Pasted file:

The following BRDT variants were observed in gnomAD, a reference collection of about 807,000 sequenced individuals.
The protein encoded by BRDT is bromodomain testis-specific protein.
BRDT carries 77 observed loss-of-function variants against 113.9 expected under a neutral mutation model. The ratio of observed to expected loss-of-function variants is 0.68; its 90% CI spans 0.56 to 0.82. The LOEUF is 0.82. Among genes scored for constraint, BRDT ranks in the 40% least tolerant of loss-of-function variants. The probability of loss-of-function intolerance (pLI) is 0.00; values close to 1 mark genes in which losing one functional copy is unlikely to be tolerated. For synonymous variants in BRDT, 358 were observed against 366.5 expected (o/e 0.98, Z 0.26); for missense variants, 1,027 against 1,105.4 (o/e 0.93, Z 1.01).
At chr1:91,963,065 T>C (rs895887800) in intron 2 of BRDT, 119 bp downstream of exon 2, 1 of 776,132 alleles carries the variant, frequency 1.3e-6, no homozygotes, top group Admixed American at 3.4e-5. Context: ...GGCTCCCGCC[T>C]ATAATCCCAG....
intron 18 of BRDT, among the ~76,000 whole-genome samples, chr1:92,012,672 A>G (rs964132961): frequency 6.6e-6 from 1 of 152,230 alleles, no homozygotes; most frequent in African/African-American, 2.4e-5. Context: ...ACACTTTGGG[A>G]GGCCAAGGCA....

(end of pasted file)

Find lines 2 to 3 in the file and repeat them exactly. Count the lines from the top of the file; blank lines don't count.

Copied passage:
The protein encoded by BRDT is bromodomain testis-specific protein.
BRDT carries 77 observed loss-of-function variants against 113.9 expected under a neutral mutation model. The ratio of observed to expected loss-of-function variants is 0.68; its 90% CI spans 0.56 to 0.82. The LOEUF is 0.82. Among genes scored for constraint, BRDT ranks in the 40% least tolerant of loss-of-function variants. The probability of loss-of-function intolerance (pLI) is 0.00; values close to 1 mark genes in which losing one functional copy is unlikely to be tolerated. For synonymous variants in BRDT, 358 were observed against 366.5 expected (o/e 0.98, Z 0.26); for missense variants, 1,027 against 1,105.4 (o/e 0.93, Z 1.01).